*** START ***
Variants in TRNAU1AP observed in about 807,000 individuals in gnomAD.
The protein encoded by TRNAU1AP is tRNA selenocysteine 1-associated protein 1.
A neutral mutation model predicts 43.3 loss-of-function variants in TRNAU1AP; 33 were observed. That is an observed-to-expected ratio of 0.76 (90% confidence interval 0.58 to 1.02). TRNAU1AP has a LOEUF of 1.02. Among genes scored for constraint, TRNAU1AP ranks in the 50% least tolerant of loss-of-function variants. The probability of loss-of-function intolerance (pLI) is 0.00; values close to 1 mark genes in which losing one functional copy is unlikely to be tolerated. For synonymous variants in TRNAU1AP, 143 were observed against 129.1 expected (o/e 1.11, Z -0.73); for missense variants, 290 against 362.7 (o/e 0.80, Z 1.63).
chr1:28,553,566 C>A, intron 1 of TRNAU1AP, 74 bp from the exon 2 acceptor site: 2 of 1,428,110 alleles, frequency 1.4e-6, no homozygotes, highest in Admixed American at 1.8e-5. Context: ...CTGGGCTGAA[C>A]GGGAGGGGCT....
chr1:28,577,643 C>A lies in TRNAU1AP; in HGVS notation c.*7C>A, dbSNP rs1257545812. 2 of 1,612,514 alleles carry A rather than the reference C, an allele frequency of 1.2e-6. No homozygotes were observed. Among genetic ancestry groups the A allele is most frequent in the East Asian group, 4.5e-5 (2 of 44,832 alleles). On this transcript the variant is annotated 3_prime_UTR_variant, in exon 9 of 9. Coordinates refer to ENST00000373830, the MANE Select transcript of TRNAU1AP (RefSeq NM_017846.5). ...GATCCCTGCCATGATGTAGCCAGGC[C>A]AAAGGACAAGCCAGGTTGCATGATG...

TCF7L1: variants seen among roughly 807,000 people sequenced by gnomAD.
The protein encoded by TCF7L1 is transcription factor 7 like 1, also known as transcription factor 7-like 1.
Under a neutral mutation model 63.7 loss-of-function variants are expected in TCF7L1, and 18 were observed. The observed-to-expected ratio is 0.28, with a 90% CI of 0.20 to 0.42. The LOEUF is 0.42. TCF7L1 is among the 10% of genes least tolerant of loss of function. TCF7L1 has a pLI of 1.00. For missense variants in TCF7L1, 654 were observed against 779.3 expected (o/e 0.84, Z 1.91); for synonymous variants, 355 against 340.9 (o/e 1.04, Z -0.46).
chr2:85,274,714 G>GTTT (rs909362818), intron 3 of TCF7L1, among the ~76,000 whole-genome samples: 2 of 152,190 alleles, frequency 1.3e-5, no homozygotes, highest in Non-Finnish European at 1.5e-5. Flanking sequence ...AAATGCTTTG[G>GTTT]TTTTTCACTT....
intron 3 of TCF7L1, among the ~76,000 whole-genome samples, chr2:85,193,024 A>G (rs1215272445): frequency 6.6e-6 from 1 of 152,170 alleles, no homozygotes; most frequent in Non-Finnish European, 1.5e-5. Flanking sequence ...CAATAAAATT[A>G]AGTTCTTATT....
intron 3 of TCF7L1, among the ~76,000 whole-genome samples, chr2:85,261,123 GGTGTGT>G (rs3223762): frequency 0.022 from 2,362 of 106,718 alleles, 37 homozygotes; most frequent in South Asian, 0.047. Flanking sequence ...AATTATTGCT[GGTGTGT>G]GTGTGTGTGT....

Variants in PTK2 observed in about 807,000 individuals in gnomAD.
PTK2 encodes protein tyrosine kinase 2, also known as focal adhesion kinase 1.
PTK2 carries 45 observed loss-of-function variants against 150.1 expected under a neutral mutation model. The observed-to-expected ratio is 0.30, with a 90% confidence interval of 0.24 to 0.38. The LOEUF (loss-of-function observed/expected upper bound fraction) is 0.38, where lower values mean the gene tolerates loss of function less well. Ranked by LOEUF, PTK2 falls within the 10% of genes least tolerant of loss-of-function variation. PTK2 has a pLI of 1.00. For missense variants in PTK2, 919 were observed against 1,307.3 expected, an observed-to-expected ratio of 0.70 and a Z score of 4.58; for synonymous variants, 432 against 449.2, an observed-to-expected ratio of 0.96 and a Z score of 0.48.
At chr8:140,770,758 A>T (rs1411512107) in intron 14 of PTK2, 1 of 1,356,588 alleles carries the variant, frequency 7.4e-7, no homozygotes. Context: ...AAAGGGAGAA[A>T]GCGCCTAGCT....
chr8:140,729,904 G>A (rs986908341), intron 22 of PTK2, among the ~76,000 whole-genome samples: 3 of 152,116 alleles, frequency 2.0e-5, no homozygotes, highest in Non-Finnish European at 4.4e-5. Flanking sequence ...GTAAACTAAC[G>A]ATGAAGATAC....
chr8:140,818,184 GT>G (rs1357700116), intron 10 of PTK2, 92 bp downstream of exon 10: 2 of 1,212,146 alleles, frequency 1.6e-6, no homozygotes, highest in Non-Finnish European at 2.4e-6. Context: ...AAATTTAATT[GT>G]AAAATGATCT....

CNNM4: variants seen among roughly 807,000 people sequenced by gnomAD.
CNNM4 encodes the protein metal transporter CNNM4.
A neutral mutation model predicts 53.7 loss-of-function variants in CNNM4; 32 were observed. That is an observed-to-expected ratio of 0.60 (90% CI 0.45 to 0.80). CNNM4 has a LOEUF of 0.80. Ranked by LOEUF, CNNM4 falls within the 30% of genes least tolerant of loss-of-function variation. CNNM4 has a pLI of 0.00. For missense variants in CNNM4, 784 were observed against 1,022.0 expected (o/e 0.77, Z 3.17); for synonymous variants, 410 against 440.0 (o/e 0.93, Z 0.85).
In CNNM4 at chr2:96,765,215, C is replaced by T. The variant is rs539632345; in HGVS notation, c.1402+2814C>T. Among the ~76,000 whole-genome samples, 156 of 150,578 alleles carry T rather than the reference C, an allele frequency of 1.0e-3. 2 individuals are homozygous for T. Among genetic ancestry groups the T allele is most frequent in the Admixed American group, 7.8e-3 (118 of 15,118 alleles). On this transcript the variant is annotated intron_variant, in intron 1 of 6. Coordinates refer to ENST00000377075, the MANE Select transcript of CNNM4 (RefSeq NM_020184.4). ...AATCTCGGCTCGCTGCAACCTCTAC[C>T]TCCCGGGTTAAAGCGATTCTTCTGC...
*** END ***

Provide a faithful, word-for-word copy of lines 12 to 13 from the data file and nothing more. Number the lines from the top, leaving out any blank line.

Variants in PTK2 observed in about 807,000 individuals in gnomAD.
PTK2 encodes protein tyrosine kinase 2, also known as focal adhesion kinase 1.